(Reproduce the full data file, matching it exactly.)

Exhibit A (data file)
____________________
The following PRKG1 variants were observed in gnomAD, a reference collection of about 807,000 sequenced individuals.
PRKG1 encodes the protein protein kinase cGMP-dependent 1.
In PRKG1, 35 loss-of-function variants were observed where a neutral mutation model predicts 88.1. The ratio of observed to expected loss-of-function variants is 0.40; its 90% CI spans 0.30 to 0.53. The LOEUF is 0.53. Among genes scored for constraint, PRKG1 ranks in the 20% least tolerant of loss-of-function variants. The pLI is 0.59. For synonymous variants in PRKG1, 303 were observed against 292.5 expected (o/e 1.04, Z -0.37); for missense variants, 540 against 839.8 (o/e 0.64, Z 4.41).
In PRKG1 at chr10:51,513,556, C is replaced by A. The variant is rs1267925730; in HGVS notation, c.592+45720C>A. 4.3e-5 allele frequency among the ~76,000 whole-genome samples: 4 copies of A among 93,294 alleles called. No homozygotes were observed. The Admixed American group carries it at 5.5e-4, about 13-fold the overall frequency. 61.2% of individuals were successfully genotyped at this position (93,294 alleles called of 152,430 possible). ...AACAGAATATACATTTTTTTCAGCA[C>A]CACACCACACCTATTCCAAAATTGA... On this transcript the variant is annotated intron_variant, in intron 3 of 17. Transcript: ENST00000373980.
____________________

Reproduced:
The following PRKG1 variants were observed in gnomAD, a reference collection of about 807,000 sequenced individuals.
PRKG1 encodes the protein protein kinase cGMP-dependent 1.
In PRKG1, 35 loss-of-function variants were observed where a neutral mutation model predicts 88.1. The ratio of observed to expected loss-of-function variants is 0.40; its 90% CI spans 0.30 to 0.53. The LOEUF is 0.53. Among genes scored for constraint, PRKG1 ranks in the 20% least tolerant of loss-of-function variants. The pLI is 0.59. For synonymous variants in PRKG1, 303 were observed against 292.5 expected (o/e 1.04, Z -0.37); for missense variants, 540 against 839.8 (o/e 0.64, Z 4.41).
In PRKG1 at chr10:51,513,556, C is replaced by A. The variant is rs1267925730; in HGVS notation, c.592+45720C>A. 4.3e-5 allele frequency among the ~76,000 whole-genome samples: 4 copies of A among 93,294 alleles called. No homozygotes were observed. The Admixed American group carries it at 5.5e-4, about 13-fold the overall frequency. 61.2% of individuals were successfully genotyped at this position (93,294 alleles called of 152,430 possible). ...AACAGAATATACATTTTTTTCAGCA[C>A]CACACCACACCTATTCCAAAATTGA... On this transcript the variant is annotated intron_variant, in intron 3 of 17. Transcript: ENST00000373980.